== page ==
The management of primary hypothyroidism with Levothyroxine (L-T4) is usually simple, effective and safe, and most patients report improved well-being once they have started treatment. However, medical professionals recognise that a proportion of individuals continue to suffer with symptoms despite apparently having thyroid function tests falling within the normal range.

For patients who have clearly not derived benefit from L-T4, endocrinologists (thyroid specialists) sometimes decide to begin a trial of L-T4/liothyronine (L-T3) combination therapy. Such patients should be supervised by accredited endocrinologists after a fully informed and understood discussion of the risks and potential adverse consequences.

We are aware that a number of patients have been advised by their GPs that L-T3 is no longer available for the treatment of hypothyroidism and that they should use L-T4 as an alternative treatment. We understand that this is as a direct result of the sharp increase in price of L-T3, which the NHS does not believe is sustainable. 

Factsheets for patients and GPs

The recent non-availability of L-T3 has caused considerable concern and we therefore feel that some clear advice would be helpful. We have prepared this frequently asked questions (FAQ) factsheet for patients who are on treatment with L-T3 and are concerned that they may be required to switch to L-T4.  The BTA has produced a similar FAQ sheet for GPs which you can print off and take with you to an appointment if you believe it would be useful.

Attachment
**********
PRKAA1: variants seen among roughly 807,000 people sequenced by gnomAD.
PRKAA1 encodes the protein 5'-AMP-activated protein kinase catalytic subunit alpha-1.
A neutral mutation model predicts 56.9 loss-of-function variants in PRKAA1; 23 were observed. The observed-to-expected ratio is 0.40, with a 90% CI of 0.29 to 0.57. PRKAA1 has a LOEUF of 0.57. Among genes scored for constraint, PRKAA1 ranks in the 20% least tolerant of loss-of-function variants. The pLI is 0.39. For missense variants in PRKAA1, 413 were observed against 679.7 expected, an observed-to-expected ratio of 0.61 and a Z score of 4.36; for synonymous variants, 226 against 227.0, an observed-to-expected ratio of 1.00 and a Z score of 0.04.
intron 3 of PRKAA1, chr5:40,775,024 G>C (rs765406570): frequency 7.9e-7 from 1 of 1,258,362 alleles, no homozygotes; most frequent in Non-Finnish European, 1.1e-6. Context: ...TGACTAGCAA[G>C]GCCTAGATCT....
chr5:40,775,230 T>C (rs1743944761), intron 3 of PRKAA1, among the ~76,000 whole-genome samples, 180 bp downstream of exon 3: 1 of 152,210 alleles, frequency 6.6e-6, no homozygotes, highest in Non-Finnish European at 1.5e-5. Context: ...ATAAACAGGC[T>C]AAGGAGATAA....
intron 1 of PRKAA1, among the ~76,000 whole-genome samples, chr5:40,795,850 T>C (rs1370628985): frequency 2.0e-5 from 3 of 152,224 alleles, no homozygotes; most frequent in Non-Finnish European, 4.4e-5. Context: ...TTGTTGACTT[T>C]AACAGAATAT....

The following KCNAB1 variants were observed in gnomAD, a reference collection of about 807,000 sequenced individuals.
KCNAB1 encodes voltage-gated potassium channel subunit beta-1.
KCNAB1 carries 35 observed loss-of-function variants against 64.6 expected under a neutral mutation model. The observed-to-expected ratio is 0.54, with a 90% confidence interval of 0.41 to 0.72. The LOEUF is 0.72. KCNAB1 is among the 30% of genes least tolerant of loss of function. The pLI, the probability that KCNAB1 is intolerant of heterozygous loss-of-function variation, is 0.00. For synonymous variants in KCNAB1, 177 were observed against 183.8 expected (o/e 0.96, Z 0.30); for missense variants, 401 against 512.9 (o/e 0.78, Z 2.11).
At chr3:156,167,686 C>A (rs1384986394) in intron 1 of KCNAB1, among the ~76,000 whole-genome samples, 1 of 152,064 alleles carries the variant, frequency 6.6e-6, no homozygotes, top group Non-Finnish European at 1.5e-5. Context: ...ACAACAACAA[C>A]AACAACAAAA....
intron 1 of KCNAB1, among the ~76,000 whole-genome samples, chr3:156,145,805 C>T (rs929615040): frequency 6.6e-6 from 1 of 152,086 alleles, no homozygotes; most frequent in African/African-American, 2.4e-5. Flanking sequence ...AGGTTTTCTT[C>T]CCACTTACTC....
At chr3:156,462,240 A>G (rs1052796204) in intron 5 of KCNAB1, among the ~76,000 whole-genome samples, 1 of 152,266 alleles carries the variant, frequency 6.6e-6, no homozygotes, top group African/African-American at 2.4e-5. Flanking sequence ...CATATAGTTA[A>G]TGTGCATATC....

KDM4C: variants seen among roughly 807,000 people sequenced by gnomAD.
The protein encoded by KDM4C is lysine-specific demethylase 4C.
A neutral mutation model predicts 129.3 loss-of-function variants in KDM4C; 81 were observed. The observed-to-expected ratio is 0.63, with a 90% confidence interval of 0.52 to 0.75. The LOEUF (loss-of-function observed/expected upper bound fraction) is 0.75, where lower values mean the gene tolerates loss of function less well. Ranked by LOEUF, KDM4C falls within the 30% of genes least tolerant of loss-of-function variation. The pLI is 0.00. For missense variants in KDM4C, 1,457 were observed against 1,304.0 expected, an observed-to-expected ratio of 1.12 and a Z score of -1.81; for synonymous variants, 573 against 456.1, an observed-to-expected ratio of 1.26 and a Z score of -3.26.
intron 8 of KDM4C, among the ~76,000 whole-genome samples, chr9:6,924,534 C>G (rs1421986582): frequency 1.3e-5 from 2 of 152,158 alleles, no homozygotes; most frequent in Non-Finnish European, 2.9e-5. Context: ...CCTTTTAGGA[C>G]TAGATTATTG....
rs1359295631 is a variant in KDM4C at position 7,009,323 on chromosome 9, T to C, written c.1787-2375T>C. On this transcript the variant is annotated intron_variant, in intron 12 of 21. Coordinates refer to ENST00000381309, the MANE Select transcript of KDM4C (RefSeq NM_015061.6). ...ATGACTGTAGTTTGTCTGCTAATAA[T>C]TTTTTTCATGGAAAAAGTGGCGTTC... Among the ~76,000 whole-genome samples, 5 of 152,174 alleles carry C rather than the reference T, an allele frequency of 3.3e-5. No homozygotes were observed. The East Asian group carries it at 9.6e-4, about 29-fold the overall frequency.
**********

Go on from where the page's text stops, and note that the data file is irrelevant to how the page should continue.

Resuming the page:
November 2019 - T3 Prescribing Patterns Survey

This survey has now closed. Thank you to everyone who answered it. The results will be published in due course.

To help us understand more about the patterns of liothyronine (T3) patterns in England since NHS England clarified its guidance in July 2019 please complete this short survey by midnight on 19 November.

July 2019 - Updated RMOC Guidance - Prescribing of Liothyronine

The Regional Medicines Optimisation Committee (RMOC) have clarified the guidance issued to Clinical Commissioning Groups (CCGs) on the prescribing of liothyronine. This updated guidance was published in July 2019 and can be found on this link.

https://www.sps.nhs.uk/articles/updated-rmoc-guidance-prescribing-of-liothyronine/

October 2018 - Liothyronine Dossier

To address the problems caused by this issue UK thyroid patient groups have worked in partnership with the British Thyroid Association (BTA). In October 2018 they published the Liothyronine Dossier.